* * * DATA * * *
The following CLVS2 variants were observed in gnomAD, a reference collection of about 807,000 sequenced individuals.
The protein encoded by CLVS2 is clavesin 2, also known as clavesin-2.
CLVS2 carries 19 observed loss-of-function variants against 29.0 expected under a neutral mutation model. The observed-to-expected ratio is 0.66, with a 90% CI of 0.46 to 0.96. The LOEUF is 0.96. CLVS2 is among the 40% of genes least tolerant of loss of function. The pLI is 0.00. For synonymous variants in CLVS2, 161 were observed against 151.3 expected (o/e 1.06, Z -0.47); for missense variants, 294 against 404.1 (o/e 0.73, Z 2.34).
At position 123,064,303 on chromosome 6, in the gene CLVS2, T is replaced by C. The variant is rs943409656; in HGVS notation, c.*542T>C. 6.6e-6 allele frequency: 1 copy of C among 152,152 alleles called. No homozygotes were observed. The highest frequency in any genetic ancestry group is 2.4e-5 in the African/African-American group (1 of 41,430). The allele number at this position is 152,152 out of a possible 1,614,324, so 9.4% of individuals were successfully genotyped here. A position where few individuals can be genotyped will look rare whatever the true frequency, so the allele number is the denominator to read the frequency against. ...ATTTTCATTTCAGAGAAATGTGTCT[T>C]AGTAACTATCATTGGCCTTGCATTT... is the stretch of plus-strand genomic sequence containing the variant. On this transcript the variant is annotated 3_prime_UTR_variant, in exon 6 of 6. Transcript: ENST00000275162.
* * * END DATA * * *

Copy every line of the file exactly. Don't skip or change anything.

The following CLVS2 variants were observed in gnomAD, a reference collection of about 807,000 sequenced individuals.
The protein encoded by CLVS2 is clavesin 2, also known as clavesin-2.
CLVS2 carries 19 observed loss-of-function variants against 29.0 expected under a neutral mutation model. The observed-to-expected ratio is 0.66, with a 90% CI of 0.46 to 0.96. The LOEUF is 0.96. CLVS2 is among the 40% of genes least tolerant of loss of function. The pLI is 0.00. For synonymous variants in CLVS2, 161 were observed against 151.3 expected (o/e 1.06, Z -0.47); for missense variants, 294 against 404.1 (o/e 0.73, Z 2.34).
At position 123,064,303 on chromosome 6, in the gene CLVS2, T is replaced by C. The variant is rs943409656; in HGVS notation, c.*542T>C. 6.6e-6 allele frequency: 1 copy of C among 152,152 alleles called. No homozygotes were observed. The highest frequency in any genetic ancestry group is 2.4e-5 in the African/African-American group (1 of 41,430). The allele number at this position is 152,152 out of a possible 1,614,324, so 9.4% of individuals were successfully genotyped here. A position where few individuals can be genotyped will look rare whatever the true frequency, so the allele number is the denominator to read the frequency against. ...ATTTTCATTTCAGAGAAATGTGTCT[T>C]AGTAACTATCATTGGCCTTGCATTT... is the stretch of plus-strand genomic sequence containing the variant. On this transcript the variant is annotated 3_prime_UTR_variant, in exon 6 of 6. Transcript: ENST00000275162.